“Fr. Oakes was a unique scholar, largely because of his Jesuit background in Classics, where he was able to really do theology within the full richness and the full texture of the Western intellectual tradition,” Fr. Thomas Baima, vice-rector for academic affairs at Mundelein Seminary, told CNA Dec. 6.
“He was a very pleasant and gregarious personality. A little bit quirky, as scholars often are,” the vice-rector continued. “I always thought him delightful. He had a great wit and was very interested in current events.”
Fr. Oakes, who was elected president of the Academy of Catholic Theology in 2013, had taught at Mundelein Seminary near Chicago from 2002 until October 2013, when he entered hospice care at Jesuit Hall in St. Louis.
He died of complications of pancreatic cancer, the Jesuits' Missouri Province said Dec. 6. The Kansas City, Mo. native was 65-years-old.
Fr. Baima said Fr. Oakes was best known for the “extraordinary amount of work” he did on the Swiss theologian Hans Urs von Balthasar, one of the most influential Catholic theologians of the 20th century who is widely considered to be an influence on the thought of Popes John Paul II and Benedict XVI.
Fr. Oakes was involved in the ecumenical group Evangelicals and Catholics Together and was a major contributor to to the ecumenical journal “First Things.”
He joined the Society of Jesus in 1966 and was ordained to the priesthood in 1979. He taught at New York University and Regis University in Denver. He had served as a scholar in residence at Cambridge University and taught English, theater and drama at St. Louis University High School.
He held a doctorate in theology from Union Theological Seminary, a bachelor’s and master’s degree in philosophy from St. Louis University and a master of divinity in scripture from Jesuit School of Theology at Berkeley.
His books include “Pattern of Redemption: The Theology of Hans Urs von Balthasar” and “Infinity Dwindled to Infancy: A Catholic and Evangelical Christology.”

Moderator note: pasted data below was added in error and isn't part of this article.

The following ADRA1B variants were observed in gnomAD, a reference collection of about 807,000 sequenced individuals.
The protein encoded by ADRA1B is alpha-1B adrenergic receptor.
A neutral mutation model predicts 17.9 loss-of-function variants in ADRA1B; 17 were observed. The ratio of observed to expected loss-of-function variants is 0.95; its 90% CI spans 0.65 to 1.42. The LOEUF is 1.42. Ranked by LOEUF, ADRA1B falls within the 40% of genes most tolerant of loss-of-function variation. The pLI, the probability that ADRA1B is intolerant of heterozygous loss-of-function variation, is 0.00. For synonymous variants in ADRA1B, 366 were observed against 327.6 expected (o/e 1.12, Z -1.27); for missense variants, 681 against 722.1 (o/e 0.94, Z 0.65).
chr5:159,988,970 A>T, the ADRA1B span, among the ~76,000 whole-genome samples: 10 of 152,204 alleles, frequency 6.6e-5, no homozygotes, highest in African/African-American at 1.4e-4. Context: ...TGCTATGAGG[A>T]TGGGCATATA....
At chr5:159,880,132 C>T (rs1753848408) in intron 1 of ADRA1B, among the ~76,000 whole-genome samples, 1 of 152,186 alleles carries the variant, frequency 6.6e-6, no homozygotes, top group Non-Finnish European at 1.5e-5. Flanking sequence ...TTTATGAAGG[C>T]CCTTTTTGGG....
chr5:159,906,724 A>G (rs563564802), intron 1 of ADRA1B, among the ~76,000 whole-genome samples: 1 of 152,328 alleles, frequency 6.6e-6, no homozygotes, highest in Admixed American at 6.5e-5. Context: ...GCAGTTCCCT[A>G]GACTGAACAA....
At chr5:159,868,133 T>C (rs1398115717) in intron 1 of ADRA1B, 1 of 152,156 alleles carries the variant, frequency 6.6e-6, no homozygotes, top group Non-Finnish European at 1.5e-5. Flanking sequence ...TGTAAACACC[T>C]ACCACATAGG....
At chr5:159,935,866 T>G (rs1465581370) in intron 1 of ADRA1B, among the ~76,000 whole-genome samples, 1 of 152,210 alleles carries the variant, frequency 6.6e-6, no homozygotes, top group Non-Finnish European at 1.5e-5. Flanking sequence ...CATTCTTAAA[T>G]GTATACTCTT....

Before his death he was working on a project involving the theological debate about grace and nature, Fr. Baima said.
The Academy of Catholic Theology remembered Fr. Oakes as “a deeply cultured man” who “enlivened everything of which he was a part by his penetrating intelligence and warm, friendly spirit.”
The Missouri Province of the Society of Jesus said in a statement that Fr. Oakes was “a joyful man” who “loved studies and the intellectual life.”
Fr. Baima also remembered the priest’s dedication as a teacher. He recalled that one of the last public events Fr. Oakes attended at Mundelein Seminary was an Oct. 5 celebration of his book “Infinity Dwindled to Infancy.”
“A number of his former students, including doctoral students, came to the event,” the seminary vice-rector said. “We were particularly touched by the long-term affection that they maintained for all he had done for them.”
“He was a teacher who was completely there for his students. He was ‘all on’ when it came to being a teacher,” Fr. Baima said.
The Academy of Catholic Theology asked for prayers for the soul of Fr. Oakes, adding “to say that Father Oakes will be sorely missed is a profound understatement.”
Fr. Oakes' funeral Mass will be Dec. 10 at St. Francis Xavier College Church at St. Louis University, the Jesuits’ Missouri Province reports. On Dec. 11 he will be interred at Calvary Cemetery in St. Louis.
Catholic theologian and professor Father Edward T. Oakes, S.J. died in St. Louis Dec. 6, prompting his colleagues to remember his work in Christology, his wit, and his lasting effect on students.